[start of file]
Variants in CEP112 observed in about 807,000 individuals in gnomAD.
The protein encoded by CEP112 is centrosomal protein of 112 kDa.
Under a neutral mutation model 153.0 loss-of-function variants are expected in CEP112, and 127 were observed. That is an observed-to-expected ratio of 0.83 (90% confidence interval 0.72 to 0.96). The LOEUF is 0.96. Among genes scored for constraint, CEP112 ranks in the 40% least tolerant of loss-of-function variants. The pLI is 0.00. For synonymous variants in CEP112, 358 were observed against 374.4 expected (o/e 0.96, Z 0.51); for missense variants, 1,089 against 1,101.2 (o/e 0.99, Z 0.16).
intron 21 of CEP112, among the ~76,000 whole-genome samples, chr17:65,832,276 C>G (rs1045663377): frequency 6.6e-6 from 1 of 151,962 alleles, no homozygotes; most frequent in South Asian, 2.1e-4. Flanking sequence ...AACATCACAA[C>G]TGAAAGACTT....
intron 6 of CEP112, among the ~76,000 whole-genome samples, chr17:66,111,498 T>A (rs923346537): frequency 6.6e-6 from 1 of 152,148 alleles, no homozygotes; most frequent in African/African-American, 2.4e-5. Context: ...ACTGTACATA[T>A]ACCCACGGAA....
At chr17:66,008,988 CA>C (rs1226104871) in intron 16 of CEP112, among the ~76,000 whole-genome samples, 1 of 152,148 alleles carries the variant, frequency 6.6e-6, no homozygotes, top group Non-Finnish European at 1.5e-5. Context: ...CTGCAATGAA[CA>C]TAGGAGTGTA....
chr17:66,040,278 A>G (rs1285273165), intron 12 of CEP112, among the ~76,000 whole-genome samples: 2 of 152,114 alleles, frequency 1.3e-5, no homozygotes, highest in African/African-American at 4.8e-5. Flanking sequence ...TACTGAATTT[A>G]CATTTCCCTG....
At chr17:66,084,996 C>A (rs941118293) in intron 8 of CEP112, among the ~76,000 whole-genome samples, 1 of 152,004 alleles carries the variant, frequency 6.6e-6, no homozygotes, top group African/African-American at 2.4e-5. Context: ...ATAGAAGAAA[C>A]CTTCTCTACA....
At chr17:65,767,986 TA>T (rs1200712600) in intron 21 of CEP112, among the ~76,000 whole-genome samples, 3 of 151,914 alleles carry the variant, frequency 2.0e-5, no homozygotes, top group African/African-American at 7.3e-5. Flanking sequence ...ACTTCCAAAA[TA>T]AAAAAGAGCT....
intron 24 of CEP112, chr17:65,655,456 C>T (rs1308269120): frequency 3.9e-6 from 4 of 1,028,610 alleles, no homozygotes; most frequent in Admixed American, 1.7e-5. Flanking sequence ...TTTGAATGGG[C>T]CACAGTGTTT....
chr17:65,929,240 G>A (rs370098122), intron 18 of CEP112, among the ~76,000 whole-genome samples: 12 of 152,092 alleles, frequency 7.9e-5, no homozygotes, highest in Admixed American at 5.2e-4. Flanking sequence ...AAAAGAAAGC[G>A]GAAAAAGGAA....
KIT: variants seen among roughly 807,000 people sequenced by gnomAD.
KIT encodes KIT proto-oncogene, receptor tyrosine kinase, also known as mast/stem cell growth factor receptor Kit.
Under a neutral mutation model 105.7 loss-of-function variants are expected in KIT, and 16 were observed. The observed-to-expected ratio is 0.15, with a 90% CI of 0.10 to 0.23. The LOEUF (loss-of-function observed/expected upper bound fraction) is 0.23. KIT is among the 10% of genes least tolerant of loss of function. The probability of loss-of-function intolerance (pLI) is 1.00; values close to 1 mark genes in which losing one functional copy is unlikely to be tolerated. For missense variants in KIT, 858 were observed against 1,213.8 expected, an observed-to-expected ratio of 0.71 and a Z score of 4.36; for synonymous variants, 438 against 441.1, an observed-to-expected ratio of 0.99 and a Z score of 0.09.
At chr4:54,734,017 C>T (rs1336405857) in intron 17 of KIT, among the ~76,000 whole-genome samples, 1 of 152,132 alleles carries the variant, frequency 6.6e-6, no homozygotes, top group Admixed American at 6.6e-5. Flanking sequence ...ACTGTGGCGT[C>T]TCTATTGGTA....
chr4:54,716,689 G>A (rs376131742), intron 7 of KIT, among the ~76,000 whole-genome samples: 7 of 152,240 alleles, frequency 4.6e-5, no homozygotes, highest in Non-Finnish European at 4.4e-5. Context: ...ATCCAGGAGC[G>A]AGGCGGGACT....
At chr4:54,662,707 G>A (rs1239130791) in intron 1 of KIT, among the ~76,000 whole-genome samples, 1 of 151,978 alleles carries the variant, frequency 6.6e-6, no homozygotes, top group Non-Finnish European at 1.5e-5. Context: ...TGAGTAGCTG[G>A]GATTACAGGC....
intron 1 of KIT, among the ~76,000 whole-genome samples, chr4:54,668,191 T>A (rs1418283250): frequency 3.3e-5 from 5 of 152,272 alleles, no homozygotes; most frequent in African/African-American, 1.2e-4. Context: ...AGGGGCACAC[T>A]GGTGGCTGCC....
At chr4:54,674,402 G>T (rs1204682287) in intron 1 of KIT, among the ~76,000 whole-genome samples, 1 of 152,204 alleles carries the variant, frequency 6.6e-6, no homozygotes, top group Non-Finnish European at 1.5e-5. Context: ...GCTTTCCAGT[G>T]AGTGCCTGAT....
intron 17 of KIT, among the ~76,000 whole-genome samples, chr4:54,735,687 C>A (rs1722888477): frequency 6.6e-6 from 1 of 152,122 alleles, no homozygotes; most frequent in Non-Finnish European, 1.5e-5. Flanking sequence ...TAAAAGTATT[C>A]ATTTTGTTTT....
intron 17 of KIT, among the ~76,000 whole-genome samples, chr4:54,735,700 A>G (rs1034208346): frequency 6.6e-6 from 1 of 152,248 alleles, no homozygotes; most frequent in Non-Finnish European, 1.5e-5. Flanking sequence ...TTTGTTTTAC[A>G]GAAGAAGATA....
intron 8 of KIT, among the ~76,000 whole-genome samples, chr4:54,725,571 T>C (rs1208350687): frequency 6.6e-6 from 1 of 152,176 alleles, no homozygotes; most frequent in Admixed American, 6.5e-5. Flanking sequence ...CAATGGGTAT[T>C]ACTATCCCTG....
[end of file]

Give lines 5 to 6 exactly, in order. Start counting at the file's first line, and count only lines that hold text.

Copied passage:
intron 6 of CEP112, among the ~76,000 whole-genome samples, chr17:66,111,498 T>A (rs923346537): frequency 6.6e-6 from 1 of 152,148 alleles, no homozygotes; most frequent in African/African-American, 2.4e-5. Context: ...ACTGTACATA[T>A]ACCCACGGAA....
At chr17:66,008,988 CA>C (rs1226104871) in intron 16 of CEP112, among the ~76,000 whole-genome samples, 1 of 152,148 alleles carries the variant, frequency 6.6e-6, no homozygotes, top group Non-Finnish European at 1.5e-5. Context: ...CTGCAATGAA[CA>C]TAGGAGTGTA....